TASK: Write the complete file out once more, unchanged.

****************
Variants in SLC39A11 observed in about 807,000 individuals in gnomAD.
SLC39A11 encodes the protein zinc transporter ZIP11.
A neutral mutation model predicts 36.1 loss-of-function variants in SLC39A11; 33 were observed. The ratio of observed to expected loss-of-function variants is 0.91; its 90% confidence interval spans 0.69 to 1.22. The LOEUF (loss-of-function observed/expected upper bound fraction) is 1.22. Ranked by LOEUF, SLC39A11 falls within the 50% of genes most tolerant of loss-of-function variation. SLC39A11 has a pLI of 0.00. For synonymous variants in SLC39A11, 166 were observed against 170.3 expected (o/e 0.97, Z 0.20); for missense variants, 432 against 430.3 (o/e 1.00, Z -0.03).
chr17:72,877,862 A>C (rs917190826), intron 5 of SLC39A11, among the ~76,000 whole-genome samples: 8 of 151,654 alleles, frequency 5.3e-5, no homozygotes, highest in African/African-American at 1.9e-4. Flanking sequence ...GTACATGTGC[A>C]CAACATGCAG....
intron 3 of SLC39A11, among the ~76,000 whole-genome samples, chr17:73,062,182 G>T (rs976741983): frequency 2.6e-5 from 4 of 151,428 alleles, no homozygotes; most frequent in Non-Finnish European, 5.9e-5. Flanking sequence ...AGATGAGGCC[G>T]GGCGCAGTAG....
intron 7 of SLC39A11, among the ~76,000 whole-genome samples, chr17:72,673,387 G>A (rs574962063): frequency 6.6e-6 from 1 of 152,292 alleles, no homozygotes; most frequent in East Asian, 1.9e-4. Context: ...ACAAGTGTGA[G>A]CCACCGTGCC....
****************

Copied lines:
Variants in SLC39A11 observed in about 807,000 individuals in gnomAD.
SLC39A11 encodes the protein zinc transporter ZIP11.
A neutral mutation model predicts 36.1 loss-of-function variants in SLC39A11; 33 were observed. The ratio of observed to expected loss-of-function variants is 0.91; its 90% confidence interval spans 0.69 to 1.22. The LOEUF (loss-of-function observed/expected upper bound fraction) is 1.22. Ranked by LOEUF, SLC39A11 falls within the 50% of genes most tolerant of loss-of-function variation. SLC39A11 has a pLI of 0.00. For synonymous variants in SLC39A11, 166 were observed against 170.3 expected (o/e 0.97, Z 0.20); for missense variants, 432 against 430.3 (o/e 1.00, Z -0.03).
chr17:72,877,862 A>C (rs917190826), intron 5 of SLC39A11, among the ~76,000 whole-genome samples: 8 of 151,654 alleles, frequency 5.3e-5, no homozygotes, highest in African/African-American at 1.9e-4. Flanking sequence ...GTACATGTGC[A>C]CAACATGCAG....
intron 3 of SLC39A11, among the ~76,000 whole-genome samples, chr17:73,062,182 G>T (rs976741983): frequency 2.6e-5 from 4 of 151,428 alleles, no homozygotes; most frequent in Non-Finnish European, 5.9e-5. Flanking sequence ...AGATGAGGCC[G>T]GGCGCAGTAG....
intron 7 of SLC39A11, among the ~76,000 whole-genome samples, chr17:72,673,387 G>A (rs574962063): frequency 6.6e-6 from 1 of 152,292 alleles, no homozygotes; most frequent in East Asian, 1.9e-4. Context: ...ACAAGTGTGA[G>A]CCACCGTGCC....